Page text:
Grocery clerks in the city of Sacramento will stop asking “paper or plastic?” on Friday. Instead, they’ll ask customers if they’d like to buy some bags.
This week, the city will join 145 other communities in California in banning single-use plastic bags from grocery stores, large pharmacies and other retailers. The city ordinance takes effect even as a statewide ban on the bags remains on hold pending the outcome of a referendum in November.
“A lot of folks still think (the bag ban isn’t) happening because the state law is coming up on the ballot,” said Erin Treadwell, spokeswoman for the city’s Recycling and Solid Waste Division. But it is, she said.
To prepare for the change, city staff members have met with about 100 retailers and contacted hundreds more to answer their questions and urge them to prepare, she said.
The city’s main outreach effort has been to the owners of mom-and-pop convenience stores for whom the bag ban is new, she said. For large chains such as Safeway and Target, the changes are familiar because so many other jurisdictions throughout the state have banned the bags, she said.
At the Raley’s grocery chain, “we wanted to be as proactive as possible,” said spokeswoman Chelsea Minor. Signs posted near cash registers at Raley’s and Bel Air stores in the city of Sacramento have notified customers of the impending switch for weeks and encouraged them to bring their own bags.
Customers who forget will have the option of buying recycled paper bags for 10 cents each, she said. Reusable plastic bags may be another purchase option, she said.
The West Sacramento-based chain has already dealt with plastic bag bans at its Nob Hill Foods stores in Bay Area communities including San Jose, Redwood City and Mountain View, she said.
More than a third of Californians live in areas where single-use bags are outlawed already, including – in the greater Sacramento region – the cities of Davis, Chico, Truckee, Nevada City and South Lake Tahoe.
“We think that’s the way industry is going,” Minor said.
Not everyone is happy with the shift. The city has heard from residents upset because of decades of free grocery bags coming to an end. And the plastic-bag industry has fought to keep its products in stores.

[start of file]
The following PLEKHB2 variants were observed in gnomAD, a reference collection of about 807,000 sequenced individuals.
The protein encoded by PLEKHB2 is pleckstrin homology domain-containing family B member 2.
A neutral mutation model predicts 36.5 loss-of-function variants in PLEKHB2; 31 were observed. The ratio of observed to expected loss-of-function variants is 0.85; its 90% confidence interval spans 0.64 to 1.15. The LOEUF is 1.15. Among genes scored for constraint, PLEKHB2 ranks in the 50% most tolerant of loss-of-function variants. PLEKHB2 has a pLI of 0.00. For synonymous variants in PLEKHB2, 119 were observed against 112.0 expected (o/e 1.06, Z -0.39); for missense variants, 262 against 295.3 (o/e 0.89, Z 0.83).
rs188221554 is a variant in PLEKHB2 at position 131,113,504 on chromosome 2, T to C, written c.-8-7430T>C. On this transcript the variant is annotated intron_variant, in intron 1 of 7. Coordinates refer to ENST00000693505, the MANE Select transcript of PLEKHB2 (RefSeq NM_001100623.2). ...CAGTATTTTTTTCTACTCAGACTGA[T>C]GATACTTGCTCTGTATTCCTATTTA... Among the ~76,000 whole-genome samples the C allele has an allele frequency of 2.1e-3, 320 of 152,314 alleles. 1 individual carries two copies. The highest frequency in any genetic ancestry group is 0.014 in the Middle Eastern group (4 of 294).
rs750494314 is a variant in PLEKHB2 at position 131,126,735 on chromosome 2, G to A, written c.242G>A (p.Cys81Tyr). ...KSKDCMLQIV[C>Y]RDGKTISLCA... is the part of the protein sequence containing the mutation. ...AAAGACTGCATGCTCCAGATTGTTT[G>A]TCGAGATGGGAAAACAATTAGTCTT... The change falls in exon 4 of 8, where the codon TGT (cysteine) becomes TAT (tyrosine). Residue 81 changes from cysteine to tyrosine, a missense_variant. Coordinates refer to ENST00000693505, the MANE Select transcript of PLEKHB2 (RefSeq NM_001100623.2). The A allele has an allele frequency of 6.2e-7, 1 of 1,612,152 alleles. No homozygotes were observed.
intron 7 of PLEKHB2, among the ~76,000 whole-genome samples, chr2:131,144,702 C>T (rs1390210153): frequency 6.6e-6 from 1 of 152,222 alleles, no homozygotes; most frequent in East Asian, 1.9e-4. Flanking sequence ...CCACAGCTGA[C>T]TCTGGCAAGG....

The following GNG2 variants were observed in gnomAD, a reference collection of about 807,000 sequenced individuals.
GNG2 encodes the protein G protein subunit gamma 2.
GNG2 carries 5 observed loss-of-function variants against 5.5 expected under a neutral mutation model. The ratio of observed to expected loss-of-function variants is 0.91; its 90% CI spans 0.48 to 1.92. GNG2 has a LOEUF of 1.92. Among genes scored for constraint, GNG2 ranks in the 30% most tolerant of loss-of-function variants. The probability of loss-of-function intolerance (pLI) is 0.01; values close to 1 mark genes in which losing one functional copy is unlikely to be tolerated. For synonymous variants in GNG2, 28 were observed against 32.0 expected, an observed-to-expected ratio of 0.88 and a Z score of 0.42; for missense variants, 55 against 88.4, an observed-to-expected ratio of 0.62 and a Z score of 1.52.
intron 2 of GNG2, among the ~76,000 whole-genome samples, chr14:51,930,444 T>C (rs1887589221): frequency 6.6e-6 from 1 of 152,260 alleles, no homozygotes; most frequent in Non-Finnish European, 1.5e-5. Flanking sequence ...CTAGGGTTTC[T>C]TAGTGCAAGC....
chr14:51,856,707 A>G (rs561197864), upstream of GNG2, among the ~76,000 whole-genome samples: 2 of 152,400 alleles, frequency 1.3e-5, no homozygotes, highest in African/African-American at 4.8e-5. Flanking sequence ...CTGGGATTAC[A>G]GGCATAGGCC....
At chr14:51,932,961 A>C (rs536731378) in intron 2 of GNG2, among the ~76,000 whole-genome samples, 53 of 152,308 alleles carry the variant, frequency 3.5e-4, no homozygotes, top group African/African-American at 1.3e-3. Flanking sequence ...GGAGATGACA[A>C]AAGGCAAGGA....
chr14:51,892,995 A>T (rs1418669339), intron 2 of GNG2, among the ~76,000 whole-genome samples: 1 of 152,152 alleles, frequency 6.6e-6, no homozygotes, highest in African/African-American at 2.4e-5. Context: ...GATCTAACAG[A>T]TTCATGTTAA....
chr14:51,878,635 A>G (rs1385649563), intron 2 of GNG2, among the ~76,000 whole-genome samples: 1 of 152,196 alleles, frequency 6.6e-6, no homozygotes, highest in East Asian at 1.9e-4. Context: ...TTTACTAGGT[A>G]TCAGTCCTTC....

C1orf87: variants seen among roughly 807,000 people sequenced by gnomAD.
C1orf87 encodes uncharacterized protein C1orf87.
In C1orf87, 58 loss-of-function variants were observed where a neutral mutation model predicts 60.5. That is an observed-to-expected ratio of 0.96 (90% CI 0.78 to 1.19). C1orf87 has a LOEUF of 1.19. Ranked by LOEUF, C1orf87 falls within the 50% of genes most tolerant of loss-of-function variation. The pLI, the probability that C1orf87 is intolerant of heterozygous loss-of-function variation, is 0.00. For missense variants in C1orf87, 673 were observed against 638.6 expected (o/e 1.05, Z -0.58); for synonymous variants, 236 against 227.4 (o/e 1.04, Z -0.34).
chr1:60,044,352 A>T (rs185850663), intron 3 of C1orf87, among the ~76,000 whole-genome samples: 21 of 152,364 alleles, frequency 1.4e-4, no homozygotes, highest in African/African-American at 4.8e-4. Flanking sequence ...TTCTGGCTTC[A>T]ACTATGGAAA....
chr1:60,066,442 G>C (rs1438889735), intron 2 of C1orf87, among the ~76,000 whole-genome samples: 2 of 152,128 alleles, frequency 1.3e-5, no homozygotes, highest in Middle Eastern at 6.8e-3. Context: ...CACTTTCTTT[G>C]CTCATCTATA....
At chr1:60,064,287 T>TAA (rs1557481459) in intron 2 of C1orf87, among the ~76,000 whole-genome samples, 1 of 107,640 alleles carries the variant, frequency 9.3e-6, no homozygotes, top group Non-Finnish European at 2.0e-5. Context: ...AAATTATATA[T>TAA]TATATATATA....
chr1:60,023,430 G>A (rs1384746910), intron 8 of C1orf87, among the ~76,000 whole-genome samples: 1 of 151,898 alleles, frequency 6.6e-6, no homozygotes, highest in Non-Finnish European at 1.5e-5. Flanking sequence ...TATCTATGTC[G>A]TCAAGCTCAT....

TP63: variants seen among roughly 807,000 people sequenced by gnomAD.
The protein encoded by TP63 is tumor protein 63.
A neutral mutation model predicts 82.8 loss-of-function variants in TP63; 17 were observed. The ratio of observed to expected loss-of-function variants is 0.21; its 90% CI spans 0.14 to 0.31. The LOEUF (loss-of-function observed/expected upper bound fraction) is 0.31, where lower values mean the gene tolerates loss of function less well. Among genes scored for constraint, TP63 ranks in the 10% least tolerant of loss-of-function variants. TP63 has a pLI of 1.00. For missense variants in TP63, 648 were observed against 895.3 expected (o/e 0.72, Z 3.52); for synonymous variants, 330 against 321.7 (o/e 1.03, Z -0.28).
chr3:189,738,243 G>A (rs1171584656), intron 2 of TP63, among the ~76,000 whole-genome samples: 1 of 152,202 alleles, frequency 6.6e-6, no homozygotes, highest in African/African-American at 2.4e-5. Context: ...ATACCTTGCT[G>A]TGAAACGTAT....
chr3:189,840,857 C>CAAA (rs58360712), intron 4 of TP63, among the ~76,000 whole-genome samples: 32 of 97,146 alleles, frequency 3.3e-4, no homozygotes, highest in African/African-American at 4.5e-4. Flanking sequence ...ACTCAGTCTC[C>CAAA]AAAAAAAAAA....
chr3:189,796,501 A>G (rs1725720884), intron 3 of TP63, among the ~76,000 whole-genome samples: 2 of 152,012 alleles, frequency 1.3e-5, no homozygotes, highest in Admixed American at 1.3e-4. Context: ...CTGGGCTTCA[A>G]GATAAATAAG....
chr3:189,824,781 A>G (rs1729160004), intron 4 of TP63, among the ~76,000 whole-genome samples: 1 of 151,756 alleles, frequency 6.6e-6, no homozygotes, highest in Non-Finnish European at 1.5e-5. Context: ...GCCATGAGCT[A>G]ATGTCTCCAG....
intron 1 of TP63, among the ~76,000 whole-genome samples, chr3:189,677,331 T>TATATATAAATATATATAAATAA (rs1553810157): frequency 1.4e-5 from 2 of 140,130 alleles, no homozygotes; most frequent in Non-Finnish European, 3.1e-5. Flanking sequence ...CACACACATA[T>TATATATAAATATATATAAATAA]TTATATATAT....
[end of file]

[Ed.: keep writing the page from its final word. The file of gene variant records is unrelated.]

Lee Califf, executive director of the American Progressive Bag Alliance, an industry group, said earlier this year that “the proposed ordinance in Sacramento wouldn’t have a meaningful impact on the environment” and would enrich grocery chains at the expense of shoppers.
After Gov. Jerry Brown signed a bill last year outlawing the bags statewide starting in July, manufacturers put up $3 million to gather signatures and place a referendum on the November ballot asking voters to overturn the law.
In response, the Sacramento City Council unanimously approved a ban on single-use plastic bags in late March that will eliminate the bags from checkout counters at all grocery stores, large pharmacies and convenience stores within the city limit.
According to a report compiled by the city staff, retailers hand out nearly 14 million plastic bags in Sacramento every month.
They blow out of trash cans and garbage trucks and even the landfill. They pollute our parks and rivers and threaten wildlife. And because they never biodegrade, they become a source of permanent litter.
Mark Murray, executive director, Californians Against Waste
The city accepts the bags under its curbside recycling program, but only about 5 percent end up in residents’ blue bins. Those that do often clog sorting machinery, forcing staff workers to shut down the process about six times per day to remove tangled bags, the city report said.
And because the bags are so light, they drift through the air, snagging on trees and fences, clogging storm drains and eventually polluting rivers and oceans, according to Californians Against Waste, a Sacramento-based group that advocates for bag bans.
“They blow out of trash cans and garbage trucks and even the landfill,” the group’s executive director, Mark Murray, said in a statement earlier this year. “They pollute our parks and rivers and threaten wildlife. And because they never biodegrade, they become a source of permanent litter.”
If the state’s ban is reinstated after the November vote, it would supersede the Sacramento ordinance. But if the state measure fails, Sacramento’s ban would remain intact. (The measures are similar, though the state ban allows stores to offer compostable bags in lieu of plastic bags.)
Treadwell, the city spokeswoman, said residents who reuse plastic grocery bags for other purposes, such as scooping up kitty litter, have complained about the ban. But she said restaurants, hardware stores and others will still be allowed to distribute single-use bags.
“There are going to be plenty of stores that will use them and give them out,” she said. “The goal is to reduce them in the waste stream.”